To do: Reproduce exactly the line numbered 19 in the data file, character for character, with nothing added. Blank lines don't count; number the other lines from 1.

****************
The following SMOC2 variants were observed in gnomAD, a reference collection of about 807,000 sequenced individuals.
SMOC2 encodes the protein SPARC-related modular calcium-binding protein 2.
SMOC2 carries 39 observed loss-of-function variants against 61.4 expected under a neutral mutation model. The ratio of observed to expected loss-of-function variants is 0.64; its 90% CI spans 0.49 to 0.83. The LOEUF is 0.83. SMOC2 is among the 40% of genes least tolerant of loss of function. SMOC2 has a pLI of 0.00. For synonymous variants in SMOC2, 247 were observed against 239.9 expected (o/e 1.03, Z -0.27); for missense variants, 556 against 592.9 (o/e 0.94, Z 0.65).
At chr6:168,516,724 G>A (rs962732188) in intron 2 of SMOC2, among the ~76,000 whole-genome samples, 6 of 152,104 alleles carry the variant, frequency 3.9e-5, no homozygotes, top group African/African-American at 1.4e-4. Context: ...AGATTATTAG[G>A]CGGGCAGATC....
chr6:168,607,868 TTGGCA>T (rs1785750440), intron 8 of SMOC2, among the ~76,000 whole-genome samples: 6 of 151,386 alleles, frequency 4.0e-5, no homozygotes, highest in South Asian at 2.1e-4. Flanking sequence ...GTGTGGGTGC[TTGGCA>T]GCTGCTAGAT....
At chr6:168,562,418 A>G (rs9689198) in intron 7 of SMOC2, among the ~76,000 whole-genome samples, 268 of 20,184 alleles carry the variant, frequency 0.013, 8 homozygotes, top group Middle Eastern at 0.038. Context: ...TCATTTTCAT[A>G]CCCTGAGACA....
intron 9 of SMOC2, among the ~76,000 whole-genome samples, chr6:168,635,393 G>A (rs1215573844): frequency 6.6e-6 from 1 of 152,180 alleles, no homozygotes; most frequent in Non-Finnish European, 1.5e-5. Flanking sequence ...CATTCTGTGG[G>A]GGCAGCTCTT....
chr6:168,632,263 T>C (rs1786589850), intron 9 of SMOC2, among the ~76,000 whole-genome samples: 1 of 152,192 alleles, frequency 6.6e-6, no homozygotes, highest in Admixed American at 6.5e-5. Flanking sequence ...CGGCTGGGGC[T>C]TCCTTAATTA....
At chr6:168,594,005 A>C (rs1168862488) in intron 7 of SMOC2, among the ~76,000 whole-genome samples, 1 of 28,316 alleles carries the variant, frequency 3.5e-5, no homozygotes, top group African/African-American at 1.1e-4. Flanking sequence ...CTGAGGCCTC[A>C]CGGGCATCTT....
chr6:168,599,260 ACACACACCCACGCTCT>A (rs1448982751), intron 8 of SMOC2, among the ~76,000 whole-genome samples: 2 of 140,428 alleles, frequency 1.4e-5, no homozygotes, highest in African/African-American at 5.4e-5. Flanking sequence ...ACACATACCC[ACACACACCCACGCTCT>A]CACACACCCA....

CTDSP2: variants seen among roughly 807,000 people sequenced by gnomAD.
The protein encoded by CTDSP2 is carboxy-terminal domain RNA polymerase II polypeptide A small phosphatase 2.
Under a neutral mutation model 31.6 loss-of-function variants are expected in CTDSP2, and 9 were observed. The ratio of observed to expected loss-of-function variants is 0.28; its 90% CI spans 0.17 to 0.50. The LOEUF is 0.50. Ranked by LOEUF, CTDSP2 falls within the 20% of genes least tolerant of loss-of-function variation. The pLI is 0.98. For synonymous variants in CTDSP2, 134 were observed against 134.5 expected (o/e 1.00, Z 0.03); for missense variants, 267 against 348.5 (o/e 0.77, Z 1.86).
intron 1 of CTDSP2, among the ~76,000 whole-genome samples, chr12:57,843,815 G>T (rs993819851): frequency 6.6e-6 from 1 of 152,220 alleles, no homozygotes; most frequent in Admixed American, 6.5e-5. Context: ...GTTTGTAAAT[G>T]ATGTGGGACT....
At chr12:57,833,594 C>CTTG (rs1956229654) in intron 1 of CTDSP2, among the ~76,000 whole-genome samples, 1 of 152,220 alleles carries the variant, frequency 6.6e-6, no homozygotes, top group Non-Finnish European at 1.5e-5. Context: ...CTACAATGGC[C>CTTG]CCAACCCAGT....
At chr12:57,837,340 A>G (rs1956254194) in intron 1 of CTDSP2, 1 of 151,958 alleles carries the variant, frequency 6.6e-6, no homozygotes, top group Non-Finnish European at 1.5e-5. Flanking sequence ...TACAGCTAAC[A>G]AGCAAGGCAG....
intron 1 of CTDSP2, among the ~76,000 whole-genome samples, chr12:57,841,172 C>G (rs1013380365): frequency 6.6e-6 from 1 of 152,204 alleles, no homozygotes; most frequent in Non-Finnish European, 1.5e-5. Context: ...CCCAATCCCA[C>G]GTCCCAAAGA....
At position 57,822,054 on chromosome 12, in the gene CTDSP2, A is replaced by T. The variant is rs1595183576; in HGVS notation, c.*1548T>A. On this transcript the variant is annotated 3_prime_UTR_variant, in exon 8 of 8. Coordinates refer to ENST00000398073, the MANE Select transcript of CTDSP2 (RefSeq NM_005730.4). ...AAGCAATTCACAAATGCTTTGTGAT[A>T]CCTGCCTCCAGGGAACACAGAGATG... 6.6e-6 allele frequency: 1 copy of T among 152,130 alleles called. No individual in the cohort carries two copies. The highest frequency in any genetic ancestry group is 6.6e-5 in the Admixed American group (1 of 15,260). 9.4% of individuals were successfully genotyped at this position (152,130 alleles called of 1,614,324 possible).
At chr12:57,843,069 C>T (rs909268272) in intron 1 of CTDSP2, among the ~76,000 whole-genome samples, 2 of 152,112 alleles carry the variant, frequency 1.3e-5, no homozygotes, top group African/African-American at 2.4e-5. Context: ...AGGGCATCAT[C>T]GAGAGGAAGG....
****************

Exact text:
At chr12:57,843,069 C>T (rs909268272) in intron 1 of CTDSP2, among the ~76,000 whole-genome samples, 2 of 152,112 alleles carry the variant, frequency 1.3e-5, no homozygotes, top group African/African-American at 2.4e-5. Context: ...AGGGCATCAT[C>T]GAGAGGAAGG....